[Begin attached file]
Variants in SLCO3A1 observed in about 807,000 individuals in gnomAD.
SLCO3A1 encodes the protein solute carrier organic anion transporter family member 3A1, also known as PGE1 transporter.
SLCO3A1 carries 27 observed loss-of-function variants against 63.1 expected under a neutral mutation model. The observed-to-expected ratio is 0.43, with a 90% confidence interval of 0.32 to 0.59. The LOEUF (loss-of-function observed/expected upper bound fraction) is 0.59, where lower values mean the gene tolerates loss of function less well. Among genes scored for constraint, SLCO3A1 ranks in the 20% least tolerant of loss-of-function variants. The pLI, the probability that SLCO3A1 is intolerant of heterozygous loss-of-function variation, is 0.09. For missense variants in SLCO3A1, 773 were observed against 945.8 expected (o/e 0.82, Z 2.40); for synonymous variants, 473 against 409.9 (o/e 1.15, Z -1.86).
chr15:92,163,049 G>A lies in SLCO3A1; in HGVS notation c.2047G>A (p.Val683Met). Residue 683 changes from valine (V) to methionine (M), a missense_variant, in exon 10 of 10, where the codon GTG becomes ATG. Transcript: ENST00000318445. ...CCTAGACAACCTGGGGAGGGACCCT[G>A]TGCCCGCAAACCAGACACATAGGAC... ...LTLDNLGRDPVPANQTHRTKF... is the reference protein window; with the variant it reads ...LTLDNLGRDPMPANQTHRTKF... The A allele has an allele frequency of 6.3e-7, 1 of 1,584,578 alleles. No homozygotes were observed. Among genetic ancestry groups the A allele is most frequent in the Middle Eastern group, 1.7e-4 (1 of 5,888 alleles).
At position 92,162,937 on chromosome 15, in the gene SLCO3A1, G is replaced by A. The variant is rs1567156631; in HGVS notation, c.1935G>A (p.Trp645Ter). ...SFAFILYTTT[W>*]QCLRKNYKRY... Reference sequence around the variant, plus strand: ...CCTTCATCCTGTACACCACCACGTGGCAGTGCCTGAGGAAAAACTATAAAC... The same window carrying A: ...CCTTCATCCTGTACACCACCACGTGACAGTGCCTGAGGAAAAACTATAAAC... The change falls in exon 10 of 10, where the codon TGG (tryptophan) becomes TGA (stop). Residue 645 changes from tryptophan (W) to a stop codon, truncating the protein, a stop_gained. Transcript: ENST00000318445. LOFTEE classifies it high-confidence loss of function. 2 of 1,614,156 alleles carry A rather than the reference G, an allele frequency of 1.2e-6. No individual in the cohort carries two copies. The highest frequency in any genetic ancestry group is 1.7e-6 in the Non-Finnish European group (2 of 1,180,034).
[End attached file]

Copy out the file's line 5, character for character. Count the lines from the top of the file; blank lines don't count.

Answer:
At position 92,162,937 on chromosome 15, in the gene SLCO3A1, G is replaced by A. The variant is rs1567156631; in HGVS notation, c.1935G>A (p.Trp645Ter). ...SFAFILYTTT[W>*]QCLRKNYKRY... Reference sequence around the variant, plus strand: ...CCTTCATCCTGTACACCACCACGTGGCAGTGCCTGAGGAAAAACTATAAAC... The same window carrying A: ...CCTTCATCCTGTACACCACCACGTGACAGTGCCTGAGGAAAAACTATAAAC... The change falls in exon 10 of 10, where the codon TGG (tryptophan) becomes TGA (stop). Residue 645 changes from tryptophan (W) to a stop codon, truncating the protein, a stop_gained. Transcript: ENST00000318445. LOFTEE classifies it high-confidence loss of function. 2 of 1,614,156 alleles carry A rather than the reference G, an allele frequency of 1.2e-6. No individual in the cohort carries two copies. The highest frequency in any genetic ancestry group is 1.7e-6 in the Non-Finnish European group (2 of 1,180,034).